Employment: Peddling

From the late 19th to the mid-20th century, one issue persisted in the deaf community’s rhetoric and strategies for inclusion in American society: the perceived problem of deaf peddlers and impostors. For deaf people, peddling refers to the practice of selling items of little value and inducing sales by capitalizing on the public’s view of deaf people as objects of charity. The Deaf community defines impostors as peddlers who posed as deaf people in order to elicit sympathy and swindle an unsuspecting public. Anti-peddling activism was a central strategy in the Deaf community’s efforts to achieve equal access to citizenship during the late 19th and most of the 20th century.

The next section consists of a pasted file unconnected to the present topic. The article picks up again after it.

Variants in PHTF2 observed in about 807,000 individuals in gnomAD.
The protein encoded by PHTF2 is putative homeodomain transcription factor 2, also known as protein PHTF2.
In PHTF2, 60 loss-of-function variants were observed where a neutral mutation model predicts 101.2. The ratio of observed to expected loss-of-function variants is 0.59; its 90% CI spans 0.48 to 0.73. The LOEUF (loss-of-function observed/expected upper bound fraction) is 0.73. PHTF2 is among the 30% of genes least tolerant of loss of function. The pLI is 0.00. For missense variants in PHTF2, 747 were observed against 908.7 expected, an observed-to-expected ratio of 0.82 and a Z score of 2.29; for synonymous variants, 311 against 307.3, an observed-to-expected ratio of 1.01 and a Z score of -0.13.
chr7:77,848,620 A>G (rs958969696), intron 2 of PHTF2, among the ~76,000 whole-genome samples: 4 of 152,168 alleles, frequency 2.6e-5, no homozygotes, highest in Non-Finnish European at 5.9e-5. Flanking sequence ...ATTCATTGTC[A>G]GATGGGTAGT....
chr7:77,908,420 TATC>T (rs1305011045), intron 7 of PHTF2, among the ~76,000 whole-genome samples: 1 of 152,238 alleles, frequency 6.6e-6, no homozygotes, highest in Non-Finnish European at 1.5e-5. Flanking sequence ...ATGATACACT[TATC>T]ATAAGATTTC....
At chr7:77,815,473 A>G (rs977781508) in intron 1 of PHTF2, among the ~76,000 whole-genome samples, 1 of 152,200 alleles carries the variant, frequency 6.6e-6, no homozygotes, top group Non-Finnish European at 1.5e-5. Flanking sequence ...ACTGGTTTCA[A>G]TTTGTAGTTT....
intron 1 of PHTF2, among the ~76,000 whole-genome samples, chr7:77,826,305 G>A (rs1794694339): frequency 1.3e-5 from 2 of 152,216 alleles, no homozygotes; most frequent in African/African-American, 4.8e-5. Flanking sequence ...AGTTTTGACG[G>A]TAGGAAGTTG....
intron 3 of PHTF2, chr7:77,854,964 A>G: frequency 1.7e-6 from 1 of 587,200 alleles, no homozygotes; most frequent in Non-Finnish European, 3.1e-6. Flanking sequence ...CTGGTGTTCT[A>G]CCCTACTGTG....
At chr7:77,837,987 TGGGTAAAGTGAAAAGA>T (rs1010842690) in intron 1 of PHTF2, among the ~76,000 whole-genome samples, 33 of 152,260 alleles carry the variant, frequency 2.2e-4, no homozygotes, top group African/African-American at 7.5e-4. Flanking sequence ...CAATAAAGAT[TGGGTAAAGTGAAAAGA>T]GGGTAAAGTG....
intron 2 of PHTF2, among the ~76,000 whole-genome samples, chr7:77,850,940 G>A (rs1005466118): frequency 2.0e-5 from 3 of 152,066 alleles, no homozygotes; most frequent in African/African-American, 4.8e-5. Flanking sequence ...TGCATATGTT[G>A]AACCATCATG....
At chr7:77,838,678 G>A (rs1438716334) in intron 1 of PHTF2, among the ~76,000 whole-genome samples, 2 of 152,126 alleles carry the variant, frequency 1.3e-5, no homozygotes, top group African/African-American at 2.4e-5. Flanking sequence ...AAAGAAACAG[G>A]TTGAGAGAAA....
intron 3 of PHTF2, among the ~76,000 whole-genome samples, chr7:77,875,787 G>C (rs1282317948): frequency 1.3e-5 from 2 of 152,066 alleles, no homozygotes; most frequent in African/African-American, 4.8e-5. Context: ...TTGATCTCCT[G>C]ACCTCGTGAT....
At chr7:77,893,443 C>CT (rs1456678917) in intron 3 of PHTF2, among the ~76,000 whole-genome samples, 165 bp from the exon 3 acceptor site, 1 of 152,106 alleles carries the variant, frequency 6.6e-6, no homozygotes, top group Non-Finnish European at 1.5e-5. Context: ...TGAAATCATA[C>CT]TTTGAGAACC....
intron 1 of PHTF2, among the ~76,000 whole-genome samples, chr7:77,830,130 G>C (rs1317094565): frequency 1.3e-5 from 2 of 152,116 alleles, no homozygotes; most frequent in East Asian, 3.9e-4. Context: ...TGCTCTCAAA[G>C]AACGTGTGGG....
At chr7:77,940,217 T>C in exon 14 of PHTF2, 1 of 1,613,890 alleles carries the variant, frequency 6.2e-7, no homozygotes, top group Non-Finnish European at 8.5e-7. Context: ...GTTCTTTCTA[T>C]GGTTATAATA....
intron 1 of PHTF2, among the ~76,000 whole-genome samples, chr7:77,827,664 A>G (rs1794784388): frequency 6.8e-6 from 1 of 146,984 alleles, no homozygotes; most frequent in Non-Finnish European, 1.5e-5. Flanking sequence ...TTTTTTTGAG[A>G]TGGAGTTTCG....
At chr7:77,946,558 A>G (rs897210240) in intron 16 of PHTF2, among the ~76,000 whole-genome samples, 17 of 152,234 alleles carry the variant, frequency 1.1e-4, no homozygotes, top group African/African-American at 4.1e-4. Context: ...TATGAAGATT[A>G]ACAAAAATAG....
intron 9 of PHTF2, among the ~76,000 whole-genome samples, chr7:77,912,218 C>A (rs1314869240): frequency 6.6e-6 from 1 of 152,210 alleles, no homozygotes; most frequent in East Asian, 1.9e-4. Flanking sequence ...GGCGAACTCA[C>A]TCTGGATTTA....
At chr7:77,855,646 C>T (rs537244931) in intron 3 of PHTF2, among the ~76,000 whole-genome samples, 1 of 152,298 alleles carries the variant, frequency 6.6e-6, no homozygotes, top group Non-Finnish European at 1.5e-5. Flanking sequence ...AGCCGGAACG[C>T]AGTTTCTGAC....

Deaf leaders asserted that the eradication of deaf peddlers, both those who were authentically deaf as ...

  • Loading...
locked icon

Sign in to access this content

Get a 30 day FREE TRIAL

  • Watch videos from a variety of sources bringing classroom topics to life
  • Read modern, diverse business cases
  • Explore hundreds of books and reference titles